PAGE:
Days before Wednesday's deadline to qualify for the fall presidential primary debates, Democratic candidates teetering below the threshold are scrambling to make the grade.
Missing the debate could cripple campaigns struggling to survive in the crowded field — 23 are still vying to become the 2020 nominee.
Candidates need at least 2% support in at least four polls approved by the Democratic National Committee and 130,000 unique donors to secure a spot.
So far 10 candidates have qualified:
The debates provide a national platform on which presidential hopefuls can make their case to the public ahead of the early voting states of Iowa, New Hampshire, South Carolina and Nevada.
So far, Washington Gov. Jay Inslee, former Colorado Gov. John Hickenlooper, former Sen. Mike Gravel and Rep. Eric Swalwell have suspended their campaigns.
The third and fourth rounds of debates are scheduled for Sept. 12-13 and October.
The good news for the low-polling hopefuls: They still have a chance to make the October debate. That's because the requirements are the same for both debates, so candidates who fail to qualify for September's see no reason to drop out just yet.
"While we continue to see positive momentum, we always knew the third debate would be a challenge and we will work toward the October debate goal," said Jaclyn Rothenberg, national press secretary for New York Mayor Bill De Blasio's campaign.
It also means there will likely be more Democrats on the stage in October than in September.
Some campaigns aim to soldier on through the presidential primary, even if they miss the fall debates entirely.
John Delaney's campaign announced he would remain in the race until at least the Iowa caucuses in February, despite currently polling at 0.4% in national Democratic polling. Seth Moulton, another long shot, is also dismissive of the notion of dropping out this fall.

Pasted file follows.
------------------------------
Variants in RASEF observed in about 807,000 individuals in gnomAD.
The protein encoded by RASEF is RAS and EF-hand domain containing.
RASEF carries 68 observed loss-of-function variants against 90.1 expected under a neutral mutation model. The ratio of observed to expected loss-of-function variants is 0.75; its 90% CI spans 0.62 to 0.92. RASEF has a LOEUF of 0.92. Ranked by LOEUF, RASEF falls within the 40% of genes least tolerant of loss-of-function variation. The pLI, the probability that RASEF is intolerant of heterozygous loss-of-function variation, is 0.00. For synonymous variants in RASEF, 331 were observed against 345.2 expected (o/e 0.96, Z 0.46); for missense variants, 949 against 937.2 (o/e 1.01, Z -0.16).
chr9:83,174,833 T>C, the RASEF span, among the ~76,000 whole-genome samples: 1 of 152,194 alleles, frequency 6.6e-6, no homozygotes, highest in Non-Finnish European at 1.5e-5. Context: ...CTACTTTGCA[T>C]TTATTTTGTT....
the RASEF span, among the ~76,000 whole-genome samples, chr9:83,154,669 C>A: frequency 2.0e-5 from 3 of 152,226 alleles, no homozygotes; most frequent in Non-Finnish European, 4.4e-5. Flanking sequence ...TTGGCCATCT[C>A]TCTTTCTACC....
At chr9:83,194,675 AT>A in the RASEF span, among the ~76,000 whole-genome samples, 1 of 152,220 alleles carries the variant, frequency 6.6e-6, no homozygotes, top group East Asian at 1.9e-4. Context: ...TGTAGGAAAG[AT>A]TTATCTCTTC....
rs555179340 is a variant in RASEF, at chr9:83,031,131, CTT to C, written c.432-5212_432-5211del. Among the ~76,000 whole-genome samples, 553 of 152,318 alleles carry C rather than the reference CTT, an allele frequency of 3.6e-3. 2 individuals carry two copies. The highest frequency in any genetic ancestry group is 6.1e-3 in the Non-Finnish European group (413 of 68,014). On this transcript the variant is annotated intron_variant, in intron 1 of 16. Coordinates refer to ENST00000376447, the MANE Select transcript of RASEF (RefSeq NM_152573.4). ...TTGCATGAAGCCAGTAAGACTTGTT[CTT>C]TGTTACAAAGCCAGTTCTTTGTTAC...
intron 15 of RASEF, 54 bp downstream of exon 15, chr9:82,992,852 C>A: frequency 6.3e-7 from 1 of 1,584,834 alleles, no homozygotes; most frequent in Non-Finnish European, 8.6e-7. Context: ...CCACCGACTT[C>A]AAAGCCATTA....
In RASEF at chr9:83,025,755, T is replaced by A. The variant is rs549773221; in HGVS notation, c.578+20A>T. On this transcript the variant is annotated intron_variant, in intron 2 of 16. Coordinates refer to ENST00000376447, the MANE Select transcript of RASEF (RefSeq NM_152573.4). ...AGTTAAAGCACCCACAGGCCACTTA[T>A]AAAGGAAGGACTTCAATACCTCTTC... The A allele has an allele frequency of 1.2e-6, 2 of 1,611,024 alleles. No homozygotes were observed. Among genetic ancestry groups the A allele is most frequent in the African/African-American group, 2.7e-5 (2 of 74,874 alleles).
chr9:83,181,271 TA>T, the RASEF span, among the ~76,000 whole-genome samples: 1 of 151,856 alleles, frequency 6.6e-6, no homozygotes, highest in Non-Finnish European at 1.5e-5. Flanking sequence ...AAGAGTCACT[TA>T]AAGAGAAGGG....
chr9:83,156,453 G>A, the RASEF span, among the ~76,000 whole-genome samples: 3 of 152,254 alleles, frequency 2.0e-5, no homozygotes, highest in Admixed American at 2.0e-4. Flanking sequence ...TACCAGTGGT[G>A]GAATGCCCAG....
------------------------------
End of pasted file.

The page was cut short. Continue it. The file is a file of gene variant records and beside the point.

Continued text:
"Our campaign isn't focused on the horse race," said Matt Corridoni, Moulton's national press secretary. "Early fall is not the time to be picking winners and losers."
But according to operatives of past elections, missing the debates means the campaign won't ever get off the ground.
"The reality is that if you're not in the debates, you're not in the campaign," said Christian Ferry, campaign manager for Sen. Lindsey Graham when he ran in a crowded GOP presidential primary field in 2016.
The debates overall might not be changing voter preference much, but in today's political climate candidates who are able to capture media attention are the ones who survive the longest.
"There's no better opportunity, no bigger opportunity than the debates," said Mike DuHaime, who served as senior strategist for Chris Christie's 2016 GOP presidential campaign.
"You need media attention and/or money," DuHaime said. "If you're not on the debate stage, you're not getting either of those two."
Many candidates have been pressured to drop out and run in key Senate races instead. With the GOP defending more than 20 seats next year, Democrats hope running strong candidates can give them control of the chamber for the first time since 2014.
Gov. John Hickenlooper's departure last week was accompanied by an announcement that he would consider challenging Republican Sen. Cory Gardner for his seat in Colorado in 2020. Indeed, Thursday morning Hickenlooper said he would do just that.
Gov. Steve Bullock has been goaded to run for a Republican-held seat in Montana, and O'Rourke has faced calls for him to recapture the magic of his failed but close 2018 bid to oust Sen. Ted Cruz of Texas by running against Sen. John Cornyn in 2020.
So far, that call is falling on deaf ears.
"I will not in any scenario run for the United States Senate," O'Rourke said on MSNBC. "I'm running for president. I'm running for this country. I'm taking this fight directly to Donald Trump, and that is what I am exclusively focused on doing right now."